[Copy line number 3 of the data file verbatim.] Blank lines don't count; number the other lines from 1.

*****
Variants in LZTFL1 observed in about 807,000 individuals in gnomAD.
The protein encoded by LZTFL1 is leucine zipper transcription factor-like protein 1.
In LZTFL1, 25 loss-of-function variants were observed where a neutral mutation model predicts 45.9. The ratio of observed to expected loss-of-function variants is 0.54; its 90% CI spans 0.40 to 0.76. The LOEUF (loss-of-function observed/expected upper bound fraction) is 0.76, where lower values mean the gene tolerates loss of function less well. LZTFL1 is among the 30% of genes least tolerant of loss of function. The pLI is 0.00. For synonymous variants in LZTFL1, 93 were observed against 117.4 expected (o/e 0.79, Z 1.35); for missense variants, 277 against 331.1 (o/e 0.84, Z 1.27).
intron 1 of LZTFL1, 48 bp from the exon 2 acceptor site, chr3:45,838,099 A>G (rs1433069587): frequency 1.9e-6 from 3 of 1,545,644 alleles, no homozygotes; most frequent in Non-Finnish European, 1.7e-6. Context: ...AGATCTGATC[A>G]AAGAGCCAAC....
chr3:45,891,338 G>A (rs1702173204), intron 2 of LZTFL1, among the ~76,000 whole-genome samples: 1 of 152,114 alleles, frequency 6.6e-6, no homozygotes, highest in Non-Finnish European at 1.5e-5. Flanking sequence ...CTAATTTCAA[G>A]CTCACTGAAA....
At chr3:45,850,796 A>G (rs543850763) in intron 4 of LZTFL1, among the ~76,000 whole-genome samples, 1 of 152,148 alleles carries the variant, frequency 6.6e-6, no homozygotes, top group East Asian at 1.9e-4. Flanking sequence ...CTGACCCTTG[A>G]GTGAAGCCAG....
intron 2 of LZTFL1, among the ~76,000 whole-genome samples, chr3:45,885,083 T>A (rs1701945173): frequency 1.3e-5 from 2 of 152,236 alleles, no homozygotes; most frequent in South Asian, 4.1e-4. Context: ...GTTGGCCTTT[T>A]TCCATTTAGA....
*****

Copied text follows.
In LZTFL1, 25 loss-of-function variants were observed where a neutral mutation model predicts 45.9. The ratio of observed to expected loss-of-function variants is 0.54; its 90% CI spans 0.40 to 0.76. The LOEUF (loss-of-function observed/expected upper bound fraction) is 0.76, where lower values mean the gene tolerates loss of function less well. LZTFL1 is among the 30% of genes least tolerant of loss of function. The pLI is 0.00. For synonymous variants in LZTFL1, 93 were observed against 117.4 expected (o/e 0.79, Z 1.35); for missense variants, 277 against 331.1 (o/e 0.84, Z 1.27).